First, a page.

Drugs, Suffering, and The Justice Brought by Death Penalties (?)

Hello there, Arch-Mates,

About three or four days ago, Indonesia carried out the death penalties for six inmates–two women and four men–who were convicted of drug trafficking. Today, my colleagues at work talked about it, voicing their thoughts, giving the reasons of why they support the death penalty. When one them asked about my stance on this matter and I answered by saying that I don’t support it, they started to question me further–and also tried to give me further explanation, defending their stance. One particular colleague of mine elaborated her arguments even more, stating that the young generations are destroyed by all the illegal drugs, many innocent people died from accidents caused by driving under influence of drugs, and the ones behind all of the drug trafficking were usually men of power, super wealthy businessmen, and people with political power even, who stayed untouchable, and so on and so forth. From the way I saw it, it seemed like–whether she did it intentionally or not–she tried to persuade me into agreeing with her opinion. And I did, too. I agreed with everything she said completely–except for the bit about supporting death penalty. Then, she started to shared her personal experience.

Someone in her family was a “user” (drug abuser)–maybe he still is. She witnessed all the hardships her family had to face because of it and, in my opinion, she was scarred for life from that experience. She watched as each and every valuable things in her house was gone. She stared in horror as that person chased her grandmother with a machete. She felt powerless to stop that person beating her grandmother and left her bleeding. She suffered each and everyday her mom or her grandmother cried because of that person. Rehabilitation didn’t help as he would go back to square one once he was out. He had some kind of an on-and-off relationship with the cops and the jail cell. Narcotics had been the be all and end all of his life that he would do anything to get the damned drugs. His family had done everything to get the old him back to the point where they were finally give up, feeling helpless and hopeless, that the only wish left was for him to die soon. My colleague added with finality that:

“That is why everyone who had experienced that, people who understand that, people who had a user as their family member, must be in support of death penalty for drugs trafficker!”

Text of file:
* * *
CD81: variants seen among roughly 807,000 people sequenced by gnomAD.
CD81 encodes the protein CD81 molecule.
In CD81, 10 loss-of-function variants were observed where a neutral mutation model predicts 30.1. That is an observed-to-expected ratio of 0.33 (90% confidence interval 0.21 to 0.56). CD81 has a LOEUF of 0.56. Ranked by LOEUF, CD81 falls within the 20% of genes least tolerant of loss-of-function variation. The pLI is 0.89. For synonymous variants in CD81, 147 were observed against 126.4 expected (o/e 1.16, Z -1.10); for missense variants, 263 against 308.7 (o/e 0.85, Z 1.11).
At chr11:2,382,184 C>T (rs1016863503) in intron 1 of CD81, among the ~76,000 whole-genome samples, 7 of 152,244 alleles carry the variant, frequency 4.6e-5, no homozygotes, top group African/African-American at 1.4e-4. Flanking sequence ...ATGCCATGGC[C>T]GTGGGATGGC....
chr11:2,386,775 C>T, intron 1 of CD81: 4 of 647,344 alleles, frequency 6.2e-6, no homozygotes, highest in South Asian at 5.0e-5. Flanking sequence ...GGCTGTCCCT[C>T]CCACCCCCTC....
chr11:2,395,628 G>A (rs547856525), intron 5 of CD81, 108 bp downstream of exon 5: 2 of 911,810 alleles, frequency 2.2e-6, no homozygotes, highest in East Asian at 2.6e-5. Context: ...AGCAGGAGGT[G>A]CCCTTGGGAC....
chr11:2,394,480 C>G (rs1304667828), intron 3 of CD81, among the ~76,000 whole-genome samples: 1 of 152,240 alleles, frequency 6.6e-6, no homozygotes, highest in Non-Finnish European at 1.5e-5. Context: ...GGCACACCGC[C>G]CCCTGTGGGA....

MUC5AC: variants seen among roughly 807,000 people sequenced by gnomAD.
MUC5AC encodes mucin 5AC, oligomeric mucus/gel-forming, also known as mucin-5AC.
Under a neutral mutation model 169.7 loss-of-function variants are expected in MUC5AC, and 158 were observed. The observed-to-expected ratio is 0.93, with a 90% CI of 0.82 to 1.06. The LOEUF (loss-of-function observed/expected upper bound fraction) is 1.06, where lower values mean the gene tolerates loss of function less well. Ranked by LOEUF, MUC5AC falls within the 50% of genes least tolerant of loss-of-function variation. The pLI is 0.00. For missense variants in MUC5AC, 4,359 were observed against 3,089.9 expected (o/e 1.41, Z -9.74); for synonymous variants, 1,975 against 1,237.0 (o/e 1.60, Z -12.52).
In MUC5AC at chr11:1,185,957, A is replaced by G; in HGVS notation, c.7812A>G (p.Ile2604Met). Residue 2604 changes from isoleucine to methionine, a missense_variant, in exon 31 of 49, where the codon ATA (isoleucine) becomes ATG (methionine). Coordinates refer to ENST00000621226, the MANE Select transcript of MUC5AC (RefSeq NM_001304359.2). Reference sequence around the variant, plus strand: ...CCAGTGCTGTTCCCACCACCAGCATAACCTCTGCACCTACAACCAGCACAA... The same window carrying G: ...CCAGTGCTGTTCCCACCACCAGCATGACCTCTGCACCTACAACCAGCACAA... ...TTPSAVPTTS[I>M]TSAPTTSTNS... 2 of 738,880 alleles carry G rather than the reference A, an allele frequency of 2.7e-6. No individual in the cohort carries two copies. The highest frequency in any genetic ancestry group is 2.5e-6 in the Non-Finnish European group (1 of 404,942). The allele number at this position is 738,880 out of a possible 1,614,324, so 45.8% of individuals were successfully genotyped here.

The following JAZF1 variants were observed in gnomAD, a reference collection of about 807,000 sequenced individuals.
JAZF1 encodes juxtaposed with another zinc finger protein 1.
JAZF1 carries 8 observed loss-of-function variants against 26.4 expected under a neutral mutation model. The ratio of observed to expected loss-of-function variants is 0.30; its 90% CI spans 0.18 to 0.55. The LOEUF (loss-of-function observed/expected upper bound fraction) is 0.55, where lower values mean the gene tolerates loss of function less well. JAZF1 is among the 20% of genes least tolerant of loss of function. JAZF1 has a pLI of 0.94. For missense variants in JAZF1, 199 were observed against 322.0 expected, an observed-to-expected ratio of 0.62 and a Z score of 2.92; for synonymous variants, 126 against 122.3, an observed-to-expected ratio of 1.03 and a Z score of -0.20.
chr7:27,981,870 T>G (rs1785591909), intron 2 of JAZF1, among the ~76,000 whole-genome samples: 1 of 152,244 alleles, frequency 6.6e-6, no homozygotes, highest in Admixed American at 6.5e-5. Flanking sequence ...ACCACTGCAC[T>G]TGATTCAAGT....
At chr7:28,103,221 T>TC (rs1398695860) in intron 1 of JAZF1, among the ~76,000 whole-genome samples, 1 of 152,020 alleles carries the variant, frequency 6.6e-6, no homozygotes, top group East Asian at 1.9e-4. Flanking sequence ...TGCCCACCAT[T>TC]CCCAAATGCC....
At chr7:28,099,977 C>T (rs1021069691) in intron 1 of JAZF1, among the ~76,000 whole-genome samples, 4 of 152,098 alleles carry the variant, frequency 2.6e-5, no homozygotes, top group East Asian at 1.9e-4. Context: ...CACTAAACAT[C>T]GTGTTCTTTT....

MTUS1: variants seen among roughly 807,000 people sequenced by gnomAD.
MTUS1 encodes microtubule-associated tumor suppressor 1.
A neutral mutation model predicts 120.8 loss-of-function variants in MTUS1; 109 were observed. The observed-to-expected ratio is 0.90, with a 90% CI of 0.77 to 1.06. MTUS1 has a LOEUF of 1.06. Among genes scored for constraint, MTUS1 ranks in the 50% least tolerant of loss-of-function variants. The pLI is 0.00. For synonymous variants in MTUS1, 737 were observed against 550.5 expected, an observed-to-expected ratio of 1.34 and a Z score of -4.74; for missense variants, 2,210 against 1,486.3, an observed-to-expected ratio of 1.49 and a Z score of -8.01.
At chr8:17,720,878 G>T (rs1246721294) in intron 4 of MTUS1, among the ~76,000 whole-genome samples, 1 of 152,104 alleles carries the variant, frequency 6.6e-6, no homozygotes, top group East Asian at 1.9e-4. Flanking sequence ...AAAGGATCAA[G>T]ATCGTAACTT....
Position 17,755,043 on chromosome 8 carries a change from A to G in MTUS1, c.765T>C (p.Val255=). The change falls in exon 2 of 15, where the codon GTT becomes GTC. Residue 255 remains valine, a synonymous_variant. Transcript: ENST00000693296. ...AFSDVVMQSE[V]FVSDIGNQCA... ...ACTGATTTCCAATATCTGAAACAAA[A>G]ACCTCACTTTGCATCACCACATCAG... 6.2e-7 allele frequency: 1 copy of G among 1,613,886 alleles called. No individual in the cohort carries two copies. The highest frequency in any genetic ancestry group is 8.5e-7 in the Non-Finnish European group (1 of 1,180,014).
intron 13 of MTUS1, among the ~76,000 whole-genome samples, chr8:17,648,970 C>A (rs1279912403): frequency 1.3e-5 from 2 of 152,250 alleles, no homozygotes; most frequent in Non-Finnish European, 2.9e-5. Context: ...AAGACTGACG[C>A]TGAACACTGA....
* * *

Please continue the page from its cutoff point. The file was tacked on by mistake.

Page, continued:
You know what, Arch-Mates? That is the problem: I understand. I understand all too well that I could feel for her, too. I understand all too well that I could tolerate her eagerness in elaborating her reasons. I understand all too well that I couldn’t blame her for supporting the government to put an end to the lives of those people. Yes. I understand. Because I, too, had a family member who was a user. Even more, I use the word “was” here to indicate that the person had no longer lived on this earth, not because he can live a clean life now.

To say that he stole my savings and many other things in the house, forced my grandmother to give him money to buy the damned drugs, laughed while my grandmother was crying in front of him–and me–, going in and out off rehab with no luck and so on and so forth would be redundant at this point. All I can say is he suffered from the drug abused for ten years and tugged all of us along to suffer with him… And it was all started in his high school years when his friend was pushing the needle into his skin without his consent. Ironically, when he finally tried his hardest to be clean, when he started to successfully stay away from his fellow users, from the dealers, and from the damned drugs themselves…his health started to decline rapidly. The doctor said that his liver–and many other internal organs in his body–had been badly damaged. That, along with some symptoms that we suspected to be of HIV/AIDS, took him from us. He passed away when I was in my junior year of high school–was doing my homework in my room when I heard my grandmother started wailing down the hall.